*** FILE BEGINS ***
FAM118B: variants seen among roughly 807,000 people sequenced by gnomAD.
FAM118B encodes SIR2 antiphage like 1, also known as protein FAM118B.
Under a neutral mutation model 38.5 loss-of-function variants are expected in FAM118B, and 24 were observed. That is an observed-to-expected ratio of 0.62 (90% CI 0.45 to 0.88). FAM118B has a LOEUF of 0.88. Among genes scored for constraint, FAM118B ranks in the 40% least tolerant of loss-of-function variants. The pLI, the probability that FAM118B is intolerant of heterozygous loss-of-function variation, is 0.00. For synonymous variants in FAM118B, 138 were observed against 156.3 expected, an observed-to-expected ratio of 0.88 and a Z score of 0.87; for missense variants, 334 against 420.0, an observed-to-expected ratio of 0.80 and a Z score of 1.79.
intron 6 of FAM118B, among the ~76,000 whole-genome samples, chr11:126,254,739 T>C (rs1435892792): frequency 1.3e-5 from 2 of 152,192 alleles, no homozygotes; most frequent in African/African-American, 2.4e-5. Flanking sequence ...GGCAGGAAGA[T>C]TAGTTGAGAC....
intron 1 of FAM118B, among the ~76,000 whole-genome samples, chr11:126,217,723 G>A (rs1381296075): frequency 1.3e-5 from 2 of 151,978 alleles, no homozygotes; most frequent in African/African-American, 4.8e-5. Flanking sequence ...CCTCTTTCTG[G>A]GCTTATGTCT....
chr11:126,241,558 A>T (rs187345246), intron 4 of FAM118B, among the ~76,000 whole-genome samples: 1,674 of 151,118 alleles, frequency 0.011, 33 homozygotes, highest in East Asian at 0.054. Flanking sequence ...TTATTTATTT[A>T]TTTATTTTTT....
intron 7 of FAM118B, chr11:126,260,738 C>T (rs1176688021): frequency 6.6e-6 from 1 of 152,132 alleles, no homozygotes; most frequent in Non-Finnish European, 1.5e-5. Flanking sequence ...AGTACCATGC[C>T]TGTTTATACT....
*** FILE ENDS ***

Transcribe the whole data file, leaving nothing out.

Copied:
FAM118B: variants seen among roughly 807,000 people sequenced by gnomAD.
FAM118B encodes SIR2 antiphage like 1, also known as protein FAM118B.
Under a neutral mutation model 38.5 loss-of-function variants are expected in FAM118B, and 24 were observed. That is an observed-to-expected ratio of 0.62 (90% CI 0.45 to 0.88). FAM118B has a LOEUF of 0.88. Among genes scored for constraint, FAM118B ranks in the 40% least tolerant of loss-of-function variants. The pLI, the probability that FAM118B is intolerant of heterozygous loss-of-function variation, is 0.00. For synonymous variants in FAM118B, 138 were observed against 156.3 expected, an observed-to-expected ratio of 0.88 and a Z score of 0.87; for missense variants, 334 against 420.0, an observed-to-expected ratio of 0.80 and a Z score of 1.79.
intron 6 of FAM118B, among the ~76,000 whole-genome samples, chr11:126,254,739 T>C (rs1435892792): frequency 1.3e-5 from 2 of 152,192 alleles, no homozygotes; most frequent in African/African-American, 2.4e-5. Flanking sequence ...GGCAGGAAGA[T>C]TAGTTGAGAC....
intron 1 of FAM118B, among the ~76,000 whole-genome samples, chr11:126,217,723 G>A (rs1381296075): frequency 1.3e-5 from 2 of 151,978 alleles, no homozygotes; most frequent in African/African-American, 4.8e-5. Flanking sequence ...CCTCTTTCTG[G>A]GCTTATGTCT....
chr11:126,241,558 A>T (rs187345246), intron 4 of FAM118B, among the ~76,000 whole-genome samples: 1,674 of 151,118 alleles, frequency 0.011, 33 homozygotes, highest in East Asian at 0.054. Flanking sequence ...TTATTTATTT[A>T]TTTATTTTTT....
intron 7 of FAM118B, chr11:126,260,738 C>T (rs1176688021): frequency 6.6e-6 from 1 of 152,132 alleles, no homozygotes; most frequent in Non-Finnish European, 1.5e-5. Flanking sequence ...AGTACCATGC[C>T]TGTTTATACT....